SLIGHTLY OFF THE MARK
This isn’t going to be overly shocking to anyone who knows me, but I love spring. To paraphrase some action movie or other: Winter is the disease, and spring is the cure. Summer is that wild celebration you throw when you realize the disease is going to strike again, so you might as well party.
This being Indiana, there could be a foot of snow on the ground by the time you read this, but at the moment it’s been pretty nice in between the thunderstorms. Wait, let me check …
Yup. Freeze warning. But that’s okay, because in the spring you know it won’t last long, as opposed to early winter when snow seems to be some kind of permanent nightmarish superglue. Nobody ever froze to death in a thunderstorm, unless they hid in a chest freezer. Which, I suppose, would freeze their chest.
Maybe another phrase would be that spring is my drug, and winter was my withdrawal. That would be ironic, considering my allergies – the only bad things about warm weather are pollen and bugs, and the pollen can be medicated. I like to think of allergies as a luxury tax for being able to walk outside wearing less than eight layers of clothing.
One of the first signs of spring – other than any part of my skin being seen outdoors – is the appearance of budding plants and flowers. I’m sorry if it steals any of my ManPoints, but I love flowers. That burst of color, a visual shock after months of white and various shades of dirty gray, does more to cheer me than all the chocolate in Hershey.
Maybe you could say my love of spring is like a red, red rose. I came up with that all by myself, honest. Well, I stole it all by myself.
Here’s something that will shock all eight of my regular readers: Plants are growing all over my property. Ordinarily I’m the kiss of death for a plant. There’s a graveyard of flower pots in my garage: sad rows full of bare earth and dead, dry stalks. In the plant community I’m known as the Mark Horseman of the Apocalypse. The last time I walked through a botanical garden, twelve species went extinct. The only reason my lone aloe plant still lives is that we ignore each other.
I’m the Darth Vader of plants; I just choke them out.
And yet, just outside the house, plants are thriving. Like the spiders who invade my home every year, they live for the thrill of being near danger.
To show you that I’m both attentive to and knowledgeable of the landscaping around my house -- I had no idea what most of those flowers were.
Thankfully, I was saved by the internet, where I posted photos of the new blooms along with a confession that my botanical knowledge is overshadowed only by my knowledge of how to overhaul jet engines. I guess you could say spring is my FactCheck.org, and winter is my NakedRetiredSumoWrestlers.com.
(Now that I think of it, there probably is a NakedRetiredSumoWrestlers.com, but I’m unwilling to go online to confirm that.)
According to my internet friends, the various plants around my house include:
Lilacs, which produce one of the most wonderful scents since fresh baked chocolate cookies. I bought lilac scented laundry detergent over the winter, but it just wasn’t the same.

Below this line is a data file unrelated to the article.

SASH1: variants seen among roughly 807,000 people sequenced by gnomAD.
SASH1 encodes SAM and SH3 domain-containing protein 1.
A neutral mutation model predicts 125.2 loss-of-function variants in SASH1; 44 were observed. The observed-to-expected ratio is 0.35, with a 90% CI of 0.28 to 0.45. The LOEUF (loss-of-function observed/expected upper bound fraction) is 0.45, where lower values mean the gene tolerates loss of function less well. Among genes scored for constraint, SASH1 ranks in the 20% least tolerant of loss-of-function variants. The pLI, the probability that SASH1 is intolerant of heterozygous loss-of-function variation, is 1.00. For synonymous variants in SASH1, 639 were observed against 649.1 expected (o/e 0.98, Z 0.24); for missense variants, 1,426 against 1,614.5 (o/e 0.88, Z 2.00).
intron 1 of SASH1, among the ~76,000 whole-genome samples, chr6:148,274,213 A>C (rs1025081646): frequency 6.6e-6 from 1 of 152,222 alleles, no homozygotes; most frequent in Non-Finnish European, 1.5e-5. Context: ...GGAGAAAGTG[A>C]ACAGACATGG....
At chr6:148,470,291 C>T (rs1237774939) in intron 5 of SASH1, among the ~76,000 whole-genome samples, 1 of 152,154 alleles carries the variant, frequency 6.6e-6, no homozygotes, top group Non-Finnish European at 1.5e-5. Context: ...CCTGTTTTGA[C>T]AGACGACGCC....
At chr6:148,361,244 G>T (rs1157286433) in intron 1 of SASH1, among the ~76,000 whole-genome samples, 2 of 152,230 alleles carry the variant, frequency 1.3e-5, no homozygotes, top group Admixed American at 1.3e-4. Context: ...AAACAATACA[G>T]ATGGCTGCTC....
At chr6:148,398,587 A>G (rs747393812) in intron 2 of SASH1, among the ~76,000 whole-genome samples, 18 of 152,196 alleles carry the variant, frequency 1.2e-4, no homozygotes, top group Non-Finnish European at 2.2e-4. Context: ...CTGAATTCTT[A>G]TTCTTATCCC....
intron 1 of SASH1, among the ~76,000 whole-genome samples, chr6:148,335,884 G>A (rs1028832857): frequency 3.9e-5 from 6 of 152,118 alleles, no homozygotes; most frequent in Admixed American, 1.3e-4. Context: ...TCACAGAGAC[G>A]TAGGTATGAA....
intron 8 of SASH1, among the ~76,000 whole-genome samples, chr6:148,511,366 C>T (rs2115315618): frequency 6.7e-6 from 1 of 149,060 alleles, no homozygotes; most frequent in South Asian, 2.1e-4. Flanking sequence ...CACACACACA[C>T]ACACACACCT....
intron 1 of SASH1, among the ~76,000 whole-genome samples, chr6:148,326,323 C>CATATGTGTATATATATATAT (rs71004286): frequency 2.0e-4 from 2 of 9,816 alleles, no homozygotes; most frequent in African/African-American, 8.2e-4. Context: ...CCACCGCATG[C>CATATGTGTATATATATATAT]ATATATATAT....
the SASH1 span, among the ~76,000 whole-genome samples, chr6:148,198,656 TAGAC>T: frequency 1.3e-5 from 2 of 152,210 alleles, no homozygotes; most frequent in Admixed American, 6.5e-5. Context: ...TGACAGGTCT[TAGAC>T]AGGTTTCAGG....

Narcissus, a variety of daffodil. Narcissus sounds so much more exotic and interesting, though. Narcissus is also a character from Greek myth who fell in love with his own reflection, and is thus a hero to many in Hollywood. Things ended badly for Narcissus; but then, the Greeks wrote tragedies, not comedies.
Tulips, a flower that first came from Holland, Michigan. Some people from the Netherlands visited Michigan, and so fell in love with the flower that they made it their own and also nicknamed their country Holland, which seems like some kind of intellectual theft, to me. But revenge is sweet: For a time tulips became so valuable in the Netherlands that they replaced the national currency, then their entire economy crashed when some kid took his thumb out of the dike, looked around, and said:
“Dude. They’re flowers.”
My tulips haven’t quite blossomed as I write this: They’re in hiding, waiting to see if I go crazy with the lawn mower or weed spray. However, a line of eye-poppingly colorful flowers eye-popped up against the neighbor’s house, where presumably they’re safe from me. Silly flowers.
Then there’s forsythia, a bush that sprouted some bright yellow blossoms. Someone told me I shouldn’t trim the forsythia, but it grows so fast that one of its branches once stabbed me in the leg as I was innocently walking by with the garden sheers. One year I didn’t trim it at all, and a film crew came by and paid me a hundred bucks to use it (the forsythia, not my leg) in their low-budget monster movie, “Attack of the Sixty Foot Sythia”. I don’t know what they left out the “for” for, except maybe that “S” sound is scarier: Stormtrooper; Scythe; Senator …
I also have some roses, but as of this writing they haven’t bloomed; maybe they’re standing by with the tulips. Waiting. Plotting.
Oh, and dandelions – how could I forget dandelions? Weeds, you say? Nonsense! They’re harmless and colorful, they become necklaces and wine, and they make cheap sidewalk art. Those are flowers, believe it; the narcissus lovers are just jealous.
Hm. Maybe the way to put it is to say flowers are like spring, coming out in a joyous celebration of warm weather … and I’m like winter, killing off everything I touch.
Guess I’ll stick with the disease metaphor.